# Advice for studying the topology of manifolds?

## Background

I have studied:

• Algebraic Topology: Hatcher's Algebraic Topology (minus the Additional Topics there). However, I'd definitely like to learn more if the need arises.
• Differential Topology: Introduction to Smooth Manifolds by John M. Lee; Differential Topology by Guillemin & Pollack; Morse Theory by Milnor. I have recently begun reading Differential Manifolds by Kosinski.
• I also know much Riemannian, complex and symplectic geometry, if that helps.

## What I'm Looking For

There are many interesting fundamental questions about the topology of manifolds:

• How do we go about classifying topological or differential manifolds of a given dimension?
• How many differential structures are there on a given topological manifold? In particular, why is the differential structure unique in dimensions $$\leq3$$?
• Which manifolds can be triangulated? In particular, why is it that all manifolds are triangulable in dimensions $$\leq3$$?

I'm looking for a textbook that addresses the above (and similar) questions, if such a book exists. I am aware of the book Foundational Essays on Topological Manifolds, Smoothings, and Triangulations by Kirby and Siebenmann, but it is certainly way too advanced for a beginner like me.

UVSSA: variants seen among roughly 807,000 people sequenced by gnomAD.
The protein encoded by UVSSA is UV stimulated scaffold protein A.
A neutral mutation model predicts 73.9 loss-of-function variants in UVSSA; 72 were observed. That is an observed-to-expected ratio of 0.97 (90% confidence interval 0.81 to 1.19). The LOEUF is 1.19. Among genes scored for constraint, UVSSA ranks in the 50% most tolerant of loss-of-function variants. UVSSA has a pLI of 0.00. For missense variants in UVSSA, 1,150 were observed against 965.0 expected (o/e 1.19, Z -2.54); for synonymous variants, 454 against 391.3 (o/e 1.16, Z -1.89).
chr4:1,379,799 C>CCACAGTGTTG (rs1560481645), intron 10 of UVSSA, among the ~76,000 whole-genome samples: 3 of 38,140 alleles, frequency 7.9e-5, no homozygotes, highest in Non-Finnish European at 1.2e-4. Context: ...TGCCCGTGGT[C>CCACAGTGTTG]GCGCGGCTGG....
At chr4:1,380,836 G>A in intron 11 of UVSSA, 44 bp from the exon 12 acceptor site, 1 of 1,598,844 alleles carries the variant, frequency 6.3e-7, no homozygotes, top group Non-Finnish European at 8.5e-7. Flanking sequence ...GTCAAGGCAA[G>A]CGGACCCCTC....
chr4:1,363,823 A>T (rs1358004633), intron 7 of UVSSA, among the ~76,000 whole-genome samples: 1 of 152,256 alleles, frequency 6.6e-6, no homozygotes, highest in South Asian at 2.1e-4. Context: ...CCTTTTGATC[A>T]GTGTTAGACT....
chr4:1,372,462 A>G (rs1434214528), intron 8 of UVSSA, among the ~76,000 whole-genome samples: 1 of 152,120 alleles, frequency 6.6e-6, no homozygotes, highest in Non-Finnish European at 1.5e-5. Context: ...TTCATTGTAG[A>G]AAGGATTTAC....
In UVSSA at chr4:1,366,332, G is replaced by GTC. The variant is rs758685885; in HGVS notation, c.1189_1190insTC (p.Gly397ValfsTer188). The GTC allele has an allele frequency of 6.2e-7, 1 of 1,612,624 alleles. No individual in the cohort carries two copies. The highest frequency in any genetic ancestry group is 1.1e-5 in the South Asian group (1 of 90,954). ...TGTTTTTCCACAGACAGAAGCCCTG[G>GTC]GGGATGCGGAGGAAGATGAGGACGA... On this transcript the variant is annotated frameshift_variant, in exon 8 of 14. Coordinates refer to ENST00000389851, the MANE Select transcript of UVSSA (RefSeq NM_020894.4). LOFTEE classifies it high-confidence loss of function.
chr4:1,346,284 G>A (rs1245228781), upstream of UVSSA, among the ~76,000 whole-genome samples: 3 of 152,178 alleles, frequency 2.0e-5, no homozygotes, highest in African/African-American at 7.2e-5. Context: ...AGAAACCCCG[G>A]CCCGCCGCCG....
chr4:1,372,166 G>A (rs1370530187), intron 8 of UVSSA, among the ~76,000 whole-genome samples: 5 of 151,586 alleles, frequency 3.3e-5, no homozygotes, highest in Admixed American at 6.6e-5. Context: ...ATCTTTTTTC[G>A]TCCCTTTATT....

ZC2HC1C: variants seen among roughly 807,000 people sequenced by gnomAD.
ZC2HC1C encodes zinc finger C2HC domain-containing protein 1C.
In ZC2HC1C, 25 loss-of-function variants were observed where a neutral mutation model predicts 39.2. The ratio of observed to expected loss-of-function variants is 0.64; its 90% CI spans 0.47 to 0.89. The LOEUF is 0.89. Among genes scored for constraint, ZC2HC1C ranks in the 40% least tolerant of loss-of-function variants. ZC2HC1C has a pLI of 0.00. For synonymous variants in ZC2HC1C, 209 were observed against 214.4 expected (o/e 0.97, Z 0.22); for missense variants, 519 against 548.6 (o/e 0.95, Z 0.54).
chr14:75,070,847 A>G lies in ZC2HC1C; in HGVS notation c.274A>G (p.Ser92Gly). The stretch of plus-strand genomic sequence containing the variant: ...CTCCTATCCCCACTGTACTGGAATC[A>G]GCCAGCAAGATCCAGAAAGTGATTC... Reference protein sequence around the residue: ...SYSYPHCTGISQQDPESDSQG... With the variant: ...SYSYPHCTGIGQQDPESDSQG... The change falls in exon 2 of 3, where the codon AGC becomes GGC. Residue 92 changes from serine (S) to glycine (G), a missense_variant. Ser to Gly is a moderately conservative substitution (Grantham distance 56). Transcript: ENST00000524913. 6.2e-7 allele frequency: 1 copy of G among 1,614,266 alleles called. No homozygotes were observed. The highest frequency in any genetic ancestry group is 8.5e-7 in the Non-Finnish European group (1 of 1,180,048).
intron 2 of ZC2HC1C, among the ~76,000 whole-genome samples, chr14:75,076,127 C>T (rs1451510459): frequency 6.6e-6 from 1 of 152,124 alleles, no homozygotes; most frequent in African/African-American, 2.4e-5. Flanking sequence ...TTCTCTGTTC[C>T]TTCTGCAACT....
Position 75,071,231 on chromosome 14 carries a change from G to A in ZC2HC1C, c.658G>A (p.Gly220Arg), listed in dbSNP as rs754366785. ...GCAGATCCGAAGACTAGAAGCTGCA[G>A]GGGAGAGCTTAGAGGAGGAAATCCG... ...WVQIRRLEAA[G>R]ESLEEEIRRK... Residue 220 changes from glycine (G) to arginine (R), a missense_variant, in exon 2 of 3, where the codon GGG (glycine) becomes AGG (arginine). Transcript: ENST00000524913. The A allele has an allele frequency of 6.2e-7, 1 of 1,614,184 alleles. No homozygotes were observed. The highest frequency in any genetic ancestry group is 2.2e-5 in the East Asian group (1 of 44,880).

## Specific Questions

1. Would a book entirely devoted to, say, $$3$$-manifolds, be too specific for what I want to know?
2. Which topics (among, e.g., surgery theory, PL topology, knot theory, $$4$$-manifolds) are relevant here?
3. Is there any order in which I should study these topics? For example, should I study knots before $$3$$-manifolds and vice versa? Should I study $$3$$-manifolds before $$4$$-manifolds?
4. Could you please suggest an (ordered) list of books to read?
5. I've heard of some good books. For example, is Thurston's $$3$$-manifold book too advanced for me?

Please let me know if my question is still too vague. Thanks for any advice!

• Good and hard goal and good start. Have you solved all the problems in these books? (Lee, Hatcher, Milnor) Mar 8 '20 at 18:23
• @C.F.G Thanks! Hatcher's exercises are often too difficult for me. I actually only read it when cramming for an exam. But I'm definitely going to reread it sometime. As far as I recall, there were no exercises in Milnor's Morse Theory. I did do a lot of exercises in Riemannian Geometry, though (say, 70% in Petersen's book). :) Mar 9 '20 at 2:20
• OMG. It is my dream that solving 70% of exercises because I am so lazy. Are you really undergraduate? good luck and be care about virus. Mar 9 '20 at 6:12
• @C.F.G Yeah, I spent more than a whole month doing that book. And it's very nice of you to say that! The epidemic in our country is now under control, and I hope the same happens to yours soon. :) Mar 9 '20 at 9:37

Regarding

• How do we go about classifying topological or differential manifolds of a given dimension?
• How many differential structures are there on a given topological manifold? In particular, why is the differential structure unique in dimensions $$\leq 3$$?
• Which manifolds can be triangulated? In particular, why is it that all manifolds are triangulable in dimensions $$\leq3$$?